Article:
Assisting Ports to Pursue their Future

Assisting Ports to Pursue their Future

By Kurt J. Nagle, President & CEO, American Association of Port Authorities

Kurt J. Nagle, President & CEO, American Association of Port Authorities

Business leaders, economic development professionals, innovators, congress and the administration are among those striving to boost the U.S. economy and create jobs. Because seaports are literally the gateways for commerce at both the regional and national level, the role they play in keeping freight moving and country’s economy humming is more important now than ever.

Cargo activities performed at U.S. ports today support 23.3 million American jobs, generate over $320 billion annually in total tax revenues and account for more than a quarter of the national economy.

In light of a wave of supply chain logistics innovation, including digitalization of cargo data, creating resiliency in electrical supplies and telecom networks, and development of new cybersecurity technologies to protect those networks, the American Association of Port Authorities’ (AAPA) serves as a conduit to its 140-member ports to share information on emerging new resources and solutions to help ensure their business success.

"The technology aligns with an industry migration toward digitalization of international supply chains to address challenges of tracking containerized cargo door-to-door"

Given the paucity of federal dollars for physical infrastructure improvements to aid ports in being more internationally competitive, technological innovations offer another option. There’s value for ports in knowing when older systems and technologies have reached their ‘use by’ date, and what new systems are available to replace them.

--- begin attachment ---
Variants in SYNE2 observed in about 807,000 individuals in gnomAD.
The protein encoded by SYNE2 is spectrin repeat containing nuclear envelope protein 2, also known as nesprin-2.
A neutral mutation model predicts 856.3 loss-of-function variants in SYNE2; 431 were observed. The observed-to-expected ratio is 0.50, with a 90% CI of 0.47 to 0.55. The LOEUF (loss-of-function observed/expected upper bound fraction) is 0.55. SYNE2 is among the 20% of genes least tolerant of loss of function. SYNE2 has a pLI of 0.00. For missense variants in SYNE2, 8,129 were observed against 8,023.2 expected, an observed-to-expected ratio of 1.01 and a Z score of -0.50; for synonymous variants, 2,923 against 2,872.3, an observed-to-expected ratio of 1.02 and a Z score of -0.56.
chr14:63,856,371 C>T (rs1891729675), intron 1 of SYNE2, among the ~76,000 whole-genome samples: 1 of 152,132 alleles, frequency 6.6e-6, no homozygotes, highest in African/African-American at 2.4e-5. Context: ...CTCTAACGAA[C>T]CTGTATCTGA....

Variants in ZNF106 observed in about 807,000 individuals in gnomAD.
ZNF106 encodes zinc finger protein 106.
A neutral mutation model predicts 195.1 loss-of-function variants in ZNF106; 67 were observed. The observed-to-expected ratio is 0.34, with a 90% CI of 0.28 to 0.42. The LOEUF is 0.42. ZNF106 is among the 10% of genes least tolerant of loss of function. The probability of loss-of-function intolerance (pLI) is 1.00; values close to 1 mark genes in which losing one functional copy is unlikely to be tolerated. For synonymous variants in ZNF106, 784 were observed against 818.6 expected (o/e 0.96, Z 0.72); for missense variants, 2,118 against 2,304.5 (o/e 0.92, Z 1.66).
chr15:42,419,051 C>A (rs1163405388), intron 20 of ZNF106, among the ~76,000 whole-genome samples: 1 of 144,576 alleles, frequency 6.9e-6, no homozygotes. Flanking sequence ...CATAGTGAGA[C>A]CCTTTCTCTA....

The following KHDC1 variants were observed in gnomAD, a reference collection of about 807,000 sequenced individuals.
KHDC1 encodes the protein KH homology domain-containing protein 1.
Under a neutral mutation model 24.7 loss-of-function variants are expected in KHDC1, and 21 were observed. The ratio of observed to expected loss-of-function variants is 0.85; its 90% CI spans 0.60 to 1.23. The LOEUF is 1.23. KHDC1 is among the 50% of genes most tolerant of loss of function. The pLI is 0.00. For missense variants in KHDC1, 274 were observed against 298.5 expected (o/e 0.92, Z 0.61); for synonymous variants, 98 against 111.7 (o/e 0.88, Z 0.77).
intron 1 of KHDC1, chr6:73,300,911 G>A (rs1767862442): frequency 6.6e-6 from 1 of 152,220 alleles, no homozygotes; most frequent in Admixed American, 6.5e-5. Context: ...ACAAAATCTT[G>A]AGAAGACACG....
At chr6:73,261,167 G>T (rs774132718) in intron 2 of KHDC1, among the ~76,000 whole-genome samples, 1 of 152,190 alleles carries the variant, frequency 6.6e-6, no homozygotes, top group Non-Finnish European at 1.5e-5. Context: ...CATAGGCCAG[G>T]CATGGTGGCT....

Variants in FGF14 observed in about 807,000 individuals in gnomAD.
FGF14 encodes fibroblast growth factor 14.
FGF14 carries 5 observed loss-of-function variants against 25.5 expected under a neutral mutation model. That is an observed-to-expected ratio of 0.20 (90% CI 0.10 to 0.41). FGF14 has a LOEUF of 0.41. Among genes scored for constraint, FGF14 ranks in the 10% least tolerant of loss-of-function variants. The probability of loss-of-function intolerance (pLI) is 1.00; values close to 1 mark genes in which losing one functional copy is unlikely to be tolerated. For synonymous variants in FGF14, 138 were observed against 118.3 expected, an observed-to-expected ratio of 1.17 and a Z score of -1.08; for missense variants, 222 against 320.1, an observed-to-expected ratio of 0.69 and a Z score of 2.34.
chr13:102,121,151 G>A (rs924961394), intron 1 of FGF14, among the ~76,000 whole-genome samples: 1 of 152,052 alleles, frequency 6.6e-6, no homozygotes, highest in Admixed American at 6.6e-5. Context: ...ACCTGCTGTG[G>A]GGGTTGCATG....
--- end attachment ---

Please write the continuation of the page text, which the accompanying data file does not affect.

The Port Authority of New York and New Jersey in September 2015 was the first U.S. port to implement a sharable online shipper interface with its Terminal Information Portal System (TIPS). Developed by Sustainable Terminals Services Inc., this new and innovative internet tool compiles information on one platform from all six of the port’s terminals. It then provides the data to qualified users in real time, such as container availability, booking status, vessel schedules, and information on where to return empty The result? Increased cargo handling efficiencies at the port authorities’ terminals, and happier customers.

In March, AAPA held its first-ever smart ports seminar, focusing on topics such as cloud computing, the internet of things (IoT), cybersecurity, data analytics, data portals and sharing, terminal operating systems, and intelligent transportation systems. The host port, Port of Oakland, showcased its new online Oakland Portal, which provides a comprehensive digital view of vessel schedules, cargo and terminal information all in one place. The technology aligns with an industry migration toward digitalization of international supply chains to address challenges of tracking containerized cargo door-to-door.

To keep cargo flowing efficiently through America’s largest container port gateway, the ports of Los Angeles and Long Beach this year have teamed with GE Transportation on an information portal, called Port Optimizer, that uses digitized maritime shipping data and makes it available to cargo owners and supply chain operators through secure, channeled access. The purpose is to increase visibility, enhance real-time decision-making and optimize cargo movements through both San Pedro Bay mega-ports.